More Features Of C++14 Are Covered

C++14 is the next update to the C++ programming language. While only considered a minor update over C++11, it will bring with it several new features...

Intel Mesa Driver Gets KDE KWin Optimizations

A number of commits to the i965 driver in Mesa today benefit the performance of KDE's KWin window manager for those using Intel Ivy Bridge graphics hardware...

Ubuntu 13.04 To Axe The Wubi Windows Installer

One of the less popular ways to use Ubuntu Linux has been through the "Wubi" Windows-based installer that places Ubuntu within a Windows installation just as you would any other application. However, Canonical is planning to remove Wubi from Ubuntu 13.04...

AMD Works On Linux Power Savings For Future CPUs

New kernel patches by AMD for the Linux kernel provide "frequency sensitivity feedback" for the powersave bias in cpufreq. This hardware feedback feature is to be introduced on future AMD processors. This patch-set allows the system to make more power conscious frequency changing decisions based upon hardware feedback. The hardware bits are to be found on "AMD Family 16h" processors and above, which is the forthcoming AMD "Jaguar" product. AMD provided the original Linux kernel support for "Family 16h" at the end of 2012.

GNOME 3.8 brings polish and new Classic Mode

The lastest version of the open source desktop for Linux and Unix systems adds a new Clocks application, a number of new settings panels and a number of design changes throughout the desktop environment. A Classic Mode has also been added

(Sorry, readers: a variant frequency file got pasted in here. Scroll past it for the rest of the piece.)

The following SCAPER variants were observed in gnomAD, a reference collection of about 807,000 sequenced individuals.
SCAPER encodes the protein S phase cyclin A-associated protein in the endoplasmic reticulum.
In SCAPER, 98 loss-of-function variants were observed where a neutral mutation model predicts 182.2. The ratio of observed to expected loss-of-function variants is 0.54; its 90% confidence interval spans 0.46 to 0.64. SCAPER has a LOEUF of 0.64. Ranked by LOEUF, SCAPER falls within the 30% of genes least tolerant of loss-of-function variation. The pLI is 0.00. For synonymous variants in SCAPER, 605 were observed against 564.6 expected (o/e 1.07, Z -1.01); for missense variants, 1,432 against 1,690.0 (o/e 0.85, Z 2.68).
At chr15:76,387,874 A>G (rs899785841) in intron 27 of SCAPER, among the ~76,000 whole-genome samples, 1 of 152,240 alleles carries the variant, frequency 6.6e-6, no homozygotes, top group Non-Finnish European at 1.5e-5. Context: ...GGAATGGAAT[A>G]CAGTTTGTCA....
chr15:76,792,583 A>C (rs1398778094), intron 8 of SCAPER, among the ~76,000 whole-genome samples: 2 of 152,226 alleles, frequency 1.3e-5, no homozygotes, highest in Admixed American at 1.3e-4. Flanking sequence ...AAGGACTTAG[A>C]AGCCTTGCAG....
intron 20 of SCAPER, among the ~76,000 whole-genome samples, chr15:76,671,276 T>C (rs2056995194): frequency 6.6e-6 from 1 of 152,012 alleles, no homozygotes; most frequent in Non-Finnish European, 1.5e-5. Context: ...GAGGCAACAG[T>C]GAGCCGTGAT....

Google pledges non-assertion on MapReduce patents for open source

Google has announced that it will not be asserting ten patents it has received for its MapReduce technology when it comes to their use in open source or free software. The promise comes with a pledge that is specifically designed to reduce the patent threat to open source software.

Unreal gaming from within the browser

Having recently introduced asm.js as a way of running C/C++ applications using a highly optimisable subset of JavaScript, Mozilla has joined Epic Games to present the technology being applied to a well-known platform at the Games Developer Conference in San Francisco. A port of the Unreal Engine 3 game engine to JavaScript allows games to be played in the browser without a Flash plug-in. The port only uses HTML5, WebGL and JavaScript technologies, and asm.js ensures that the games are almost fast enough to meet the performance levels of native implementations.

Finally! Roku gets a 2D facelift (video)

I’ve griped for years about Roku’s retro one-dimensional menu. Finally, in conjunction with the release of the Roku 3 model, the company is giving the Linux-based media streaming player a 2D facelift, making it quicker and easier to access favorite channels and find new ones.

Web-based spell checking comes to Chrome 26

The Google update also addresses two high severity, four medium severity and five low severity security issues in its latest "major" update to the browser. Also added, shortcut profiles on Windows and asynchronous DNS on Mac and Linux